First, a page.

Once in a New Moon (1934)

Once in a New Moon (1934)
Article 5556 by Dave Sindelar
Date: 6-18-2018
Directed by Anthony Kimmins
Featuring Eliot Makeham, Rene Ray, Morton Selten
Country: UK
What it is: Romantic comedy masquerading as political satire masquerading as Vernesque adventure

A small town in England is plucked off the Earth by a passing star and turned into a new moon. The residents vie for power politically while a rich man’s son romances a newspaperman’s daughter.

This title has been on my “ones that got away” list for ages, and it’s finally shown up. And as a science fiction epic somewhat modeled after Verne’s OFF ON A COMET… well, it’s not much; special effects are kept to a minimum, and it mostly uses its concept as a springboard for its political satire, wherein the ruling class does battle with socialists. Given that the political satire seems to be the whole point of the movie, it’s rather disappointing that the movie opts for a deus ex machina ending in lieu of letting the satirical action play out, so I can only conclude that ultimately, it’s about the romance; at least that plays out to its end. As a comedy, it’s pretty short on laughs; Morton Selten comes off best as the wealthy man elected president who is more interested in his stamp collection then ruling. All in all, this is neither particularly fun nor particularly memorable.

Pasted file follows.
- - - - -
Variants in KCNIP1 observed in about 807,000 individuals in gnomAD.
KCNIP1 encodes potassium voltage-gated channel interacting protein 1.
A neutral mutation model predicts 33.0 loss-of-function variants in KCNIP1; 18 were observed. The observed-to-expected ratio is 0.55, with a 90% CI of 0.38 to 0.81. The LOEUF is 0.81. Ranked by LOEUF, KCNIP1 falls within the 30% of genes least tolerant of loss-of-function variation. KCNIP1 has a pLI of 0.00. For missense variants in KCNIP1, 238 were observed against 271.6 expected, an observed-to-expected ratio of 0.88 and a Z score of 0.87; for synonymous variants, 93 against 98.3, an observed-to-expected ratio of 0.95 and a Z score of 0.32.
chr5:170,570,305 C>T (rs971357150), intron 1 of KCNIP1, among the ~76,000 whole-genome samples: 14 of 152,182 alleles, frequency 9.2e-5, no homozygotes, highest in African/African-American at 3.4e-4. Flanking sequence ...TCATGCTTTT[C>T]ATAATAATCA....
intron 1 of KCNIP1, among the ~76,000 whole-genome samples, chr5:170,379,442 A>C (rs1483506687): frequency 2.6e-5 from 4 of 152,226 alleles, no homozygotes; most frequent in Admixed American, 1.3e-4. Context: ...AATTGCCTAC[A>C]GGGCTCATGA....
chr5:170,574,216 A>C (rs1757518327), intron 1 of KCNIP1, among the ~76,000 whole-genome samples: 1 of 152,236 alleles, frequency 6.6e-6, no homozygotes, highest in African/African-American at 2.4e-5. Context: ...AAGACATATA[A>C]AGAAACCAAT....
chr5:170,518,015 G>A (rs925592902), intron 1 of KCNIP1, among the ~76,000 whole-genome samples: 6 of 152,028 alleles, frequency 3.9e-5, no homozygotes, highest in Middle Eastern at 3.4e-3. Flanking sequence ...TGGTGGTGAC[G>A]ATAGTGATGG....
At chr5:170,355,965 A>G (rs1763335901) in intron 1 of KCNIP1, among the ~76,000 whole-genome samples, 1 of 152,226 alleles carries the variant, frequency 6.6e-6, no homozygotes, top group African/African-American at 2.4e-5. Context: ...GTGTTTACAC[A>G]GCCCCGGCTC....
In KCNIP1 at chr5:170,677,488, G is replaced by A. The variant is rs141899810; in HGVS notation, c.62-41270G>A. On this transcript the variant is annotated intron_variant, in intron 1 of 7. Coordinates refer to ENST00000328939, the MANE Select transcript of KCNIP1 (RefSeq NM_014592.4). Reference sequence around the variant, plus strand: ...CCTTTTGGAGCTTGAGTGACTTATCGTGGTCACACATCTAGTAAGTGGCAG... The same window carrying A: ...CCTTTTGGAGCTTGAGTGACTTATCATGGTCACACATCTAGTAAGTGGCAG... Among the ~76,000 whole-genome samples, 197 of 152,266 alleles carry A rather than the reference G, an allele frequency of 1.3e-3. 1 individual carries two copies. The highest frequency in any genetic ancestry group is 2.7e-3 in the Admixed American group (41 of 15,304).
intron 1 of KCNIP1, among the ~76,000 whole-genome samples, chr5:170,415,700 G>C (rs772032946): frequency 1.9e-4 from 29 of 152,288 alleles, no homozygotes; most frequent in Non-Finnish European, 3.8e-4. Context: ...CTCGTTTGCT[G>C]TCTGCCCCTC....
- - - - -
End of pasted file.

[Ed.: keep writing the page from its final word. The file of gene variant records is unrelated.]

Oh’phelia (1919)

Oh’phelia (1919)
Article 5553 by Dave Sindelar
Date: 6-11-2018
Directed by Anson Dyer
No cast
Country: UK
What it is: Shakespeare….maybe

Ophelia is driven mad by Hamlet… or was it the snail that did it?

Any adaptation of “Hamlet” that jettisons the ghost runs the risk of having its fantastic content removed, but then I’m not sure this is really an adaptation of the classic work; an irreverent reworking with a touch of the surreal is a better description. Sure, I remember the part where Hamlet drives Ophelia mad, but I don’t remember the part where he becomes a boy scout and saves her life. The scene in the queen’s bedroom is changed to that of the queen’s kitchen, Laertes looks like a western desperado, Claudius suffers from gout, and a censor is on hand to make sure the word that begins with “bloo” is acceptable to all ages. Furthermore, there are a few touches of the fantastic to the proceedings, including a tree with a face and a snail shell that puts out its own “for rent” sign. Quite frankly, I was delighted by this bizarre animated short, and I hope to see more work from Anson Dyer. Recommended.